Enrico Banducci's Legendary hungry i Lives Again!
History of the hungry i
The hungry i began its life under the ownership of North Beach's famed Eric “Big Daddy” Nord and partners in the basement of San Francisco's Sentinel Building at Columbus and Kearny .
There are many stories about the derivation of the club's name, but the “official” one is that the I stood for id, as in psyche.
Enrico Banducci bought the hungry i in 1951 for 800 borrowed dollars, and presented mostly folk music at first. Even before moving to its notorious cellar location three years later, it was already described by columnist “Freddy Francisco” as being a “basement Disneyland peopled by beatniks, left-over bohemians, on-the-nod junkies, and other waifs and
strays from reality.”
In actual facct, it was a college crowd that patronized the club heavily, and their receptiveness opened the door to include comedy on the program.
With the forum Enrico Banducci offered him, Mort Sahl was already chipping away at the logjam of fear which had enveloped the nation, opening the floodgates to a new and provocative brand of comedy in 1953 at the `old' hungry i.
But the I which became internationally known from song and fable emerged in 1954 when it was moved to the North Beach cavern at 599 Jackson Street with the trademark brick wall stage background and `the longest bar in the world.'
From that stage, illustrious careers in music and comedy were launched which continue to flourish today (see PEOPLE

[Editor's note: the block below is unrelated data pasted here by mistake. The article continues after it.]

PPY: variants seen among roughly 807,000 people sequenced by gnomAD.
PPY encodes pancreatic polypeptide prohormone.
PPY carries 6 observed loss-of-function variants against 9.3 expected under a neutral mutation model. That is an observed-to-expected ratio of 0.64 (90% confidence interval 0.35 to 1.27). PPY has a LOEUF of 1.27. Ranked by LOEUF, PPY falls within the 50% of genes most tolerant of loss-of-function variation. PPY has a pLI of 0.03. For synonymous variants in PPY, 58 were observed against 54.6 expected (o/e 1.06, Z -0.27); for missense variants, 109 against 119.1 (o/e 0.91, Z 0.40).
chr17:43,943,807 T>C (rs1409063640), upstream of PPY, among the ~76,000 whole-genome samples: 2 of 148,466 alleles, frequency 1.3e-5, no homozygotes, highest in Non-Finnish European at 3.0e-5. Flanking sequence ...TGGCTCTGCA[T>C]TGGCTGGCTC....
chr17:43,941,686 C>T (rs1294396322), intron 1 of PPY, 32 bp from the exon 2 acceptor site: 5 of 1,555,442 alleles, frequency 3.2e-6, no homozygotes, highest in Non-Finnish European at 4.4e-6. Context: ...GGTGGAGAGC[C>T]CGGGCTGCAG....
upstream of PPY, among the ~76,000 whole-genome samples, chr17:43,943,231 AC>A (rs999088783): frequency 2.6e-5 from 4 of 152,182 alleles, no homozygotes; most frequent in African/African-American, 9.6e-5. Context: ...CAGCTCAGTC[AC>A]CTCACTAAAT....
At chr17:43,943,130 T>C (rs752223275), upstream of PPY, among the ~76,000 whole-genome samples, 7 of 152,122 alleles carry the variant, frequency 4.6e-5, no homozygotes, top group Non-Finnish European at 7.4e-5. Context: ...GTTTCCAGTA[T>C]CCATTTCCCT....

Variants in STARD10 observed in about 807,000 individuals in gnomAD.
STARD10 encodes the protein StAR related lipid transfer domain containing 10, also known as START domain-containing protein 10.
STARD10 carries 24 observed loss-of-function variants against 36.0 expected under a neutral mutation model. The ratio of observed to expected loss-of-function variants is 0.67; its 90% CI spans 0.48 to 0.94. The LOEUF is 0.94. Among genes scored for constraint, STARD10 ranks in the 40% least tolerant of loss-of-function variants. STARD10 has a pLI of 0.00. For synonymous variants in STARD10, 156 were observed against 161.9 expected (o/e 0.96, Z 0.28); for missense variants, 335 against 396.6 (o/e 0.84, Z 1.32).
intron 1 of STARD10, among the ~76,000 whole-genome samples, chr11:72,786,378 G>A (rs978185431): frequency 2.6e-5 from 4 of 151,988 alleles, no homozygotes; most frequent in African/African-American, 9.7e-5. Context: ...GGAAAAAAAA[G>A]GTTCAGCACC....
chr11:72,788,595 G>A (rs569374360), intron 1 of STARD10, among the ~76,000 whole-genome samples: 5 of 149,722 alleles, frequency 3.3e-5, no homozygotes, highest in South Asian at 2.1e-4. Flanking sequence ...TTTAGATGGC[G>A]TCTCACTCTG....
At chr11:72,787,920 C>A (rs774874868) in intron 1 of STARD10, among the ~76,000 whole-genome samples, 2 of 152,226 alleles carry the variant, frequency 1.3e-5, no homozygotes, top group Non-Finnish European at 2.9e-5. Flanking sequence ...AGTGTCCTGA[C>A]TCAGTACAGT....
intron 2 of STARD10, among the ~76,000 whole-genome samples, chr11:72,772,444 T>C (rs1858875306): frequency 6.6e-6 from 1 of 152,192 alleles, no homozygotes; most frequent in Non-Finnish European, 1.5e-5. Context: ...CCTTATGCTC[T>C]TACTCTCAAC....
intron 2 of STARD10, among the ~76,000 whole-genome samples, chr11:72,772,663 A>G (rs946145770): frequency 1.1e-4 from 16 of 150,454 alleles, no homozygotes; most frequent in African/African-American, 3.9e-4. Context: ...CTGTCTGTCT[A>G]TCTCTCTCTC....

), and many famous live record albums were taped, some of which took on a legendary status of their own (like The Kingston Trio's which stayed in the charts for over a decade).
The hungry i became synonymous with daring political satire as well as being the crucible for the folk boom which swept across America from the mid-fifties. The kind of humor which the I fostered had never been tried before, and emerged during a time when blacklisting had all but silenced free public speech
The club continued to flourish into the mid-sixties, but the move towards folk rock and stand-up comedians moving to TV series began to spell the end of its heyday.
In 1968, Enrico Banducci moved the hungry I to Ghirardelli Square, where it primarily featured rock music. Always in trouble, the theater folded in 1970. He then continued to operate Enrico Banducci's on Broadway up to the end of the eighties as a home for comedy and good food, but eventually sold the name, and the hungry I then opened as a North Beach strip club which still draws tourists for the name alone.
Experience your own hungry i reunion with the wonderful DVD featuring commentary by Enrico Banducci and performances by The Kingston Trio, Limeliters, Mort Sahl, jonathan Winters, Stan Wilson + rare Lenny Bruce footage. Just click the icon to order direct from Amazon!